Canada’s Thanksgiving Can Help Us Plan

We usually love Thanksgiving. It’s a time to gather with our families, reflect on our blessings and eat delicious food together. This year it’s all different. With COVID-19, people are staying apart. Families are weighing whether to join together. Other families feel comfortable with various measures. A lot of families can’t agree amongst themselves what feels safest.

This year, many people plan to head outdoors, have much smaller celebrations, skip it entirely or quarantine before the day to be safe seeing older family members. Canada’s Thanksgiving may be an unfortunate cautionary tale we can learn from. Their Thanksgiving is the second Monday in October. That made it a sort of test case for ours. The Canadian government gave the same advice that ours has: the safest Thanksgiving is one with the people in your household. But, just like here, people made their own choices. Now, they are seeing surges in cases.

People did not mean to spread COVID-19,” said Deena Hinshaw, Alberta’s chief medical officer of health. “But it is a reminder that social gatherings where distancing and masking are not used consistently are a significant risk for spread.”

The weather is cold now. In some places, it’s hard to gather outside. Thanksgiving is an intergenerational holiday, with kids coming home from college and family coming from far away. Thanksgiving is usually one of the busiest traveling days of the year as people go to see family. One gathering with extended family led to 10 people becoming infected, including three infants. It went from the party to two people in a workplace and four people in another home. The first party was inside a house.

We need to pay more attention to those settings where we have people coming together for celebrations,” Bonnie Henry, British Columbia’s provincial health officer, after record numbers of new cases.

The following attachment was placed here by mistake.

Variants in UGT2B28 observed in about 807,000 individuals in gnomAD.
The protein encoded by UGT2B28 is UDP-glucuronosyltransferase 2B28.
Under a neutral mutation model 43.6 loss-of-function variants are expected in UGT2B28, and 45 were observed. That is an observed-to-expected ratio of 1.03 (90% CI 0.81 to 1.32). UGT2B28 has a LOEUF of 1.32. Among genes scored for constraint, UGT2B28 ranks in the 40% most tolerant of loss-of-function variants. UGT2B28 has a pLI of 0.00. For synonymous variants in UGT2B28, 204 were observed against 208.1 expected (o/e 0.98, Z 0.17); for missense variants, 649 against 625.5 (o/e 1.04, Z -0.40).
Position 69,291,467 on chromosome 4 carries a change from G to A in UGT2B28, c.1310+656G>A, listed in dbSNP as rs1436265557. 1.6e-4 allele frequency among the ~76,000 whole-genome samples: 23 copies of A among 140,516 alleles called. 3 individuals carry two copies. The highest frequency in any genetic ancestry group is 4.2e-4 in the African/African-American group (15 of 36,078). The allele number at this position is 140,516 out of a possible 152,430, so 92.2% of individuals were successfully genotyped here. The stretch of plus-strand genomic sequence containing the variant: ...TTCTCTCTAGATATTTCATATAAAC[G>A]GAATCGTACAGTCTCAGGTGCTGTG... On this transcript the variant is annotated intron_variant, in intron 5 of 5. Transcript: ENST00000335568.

The CDC has said staying home is the safest way to celebrate. But, if you are going to celebrate, it seems that what we can take away from Canada’s horrible situation is that gatherings should be kept small and outside. Places where there isn’t enough circulation and everyone speaks without a mask are dangerous. Even if you have been very careful, you don’t know what your nephew did at college before coming home. And you don’t know who might feel under the weather but keeps quiet about it. After months of not seeing each other, someone might not say anything if they don’t feel well for the chance to see their family!

The safest thing you can do is stay at home. The next best is to stay local and outside, keep your mask on, your hand sanitizer out and not hug your loved ones. Having an outdoor, socially distanced Thanksgiving this year means that next year’s might be normal. Pecan pie is just as delicious outside!

Banner image: nikohoshi via Unsplash
November 04, 2020

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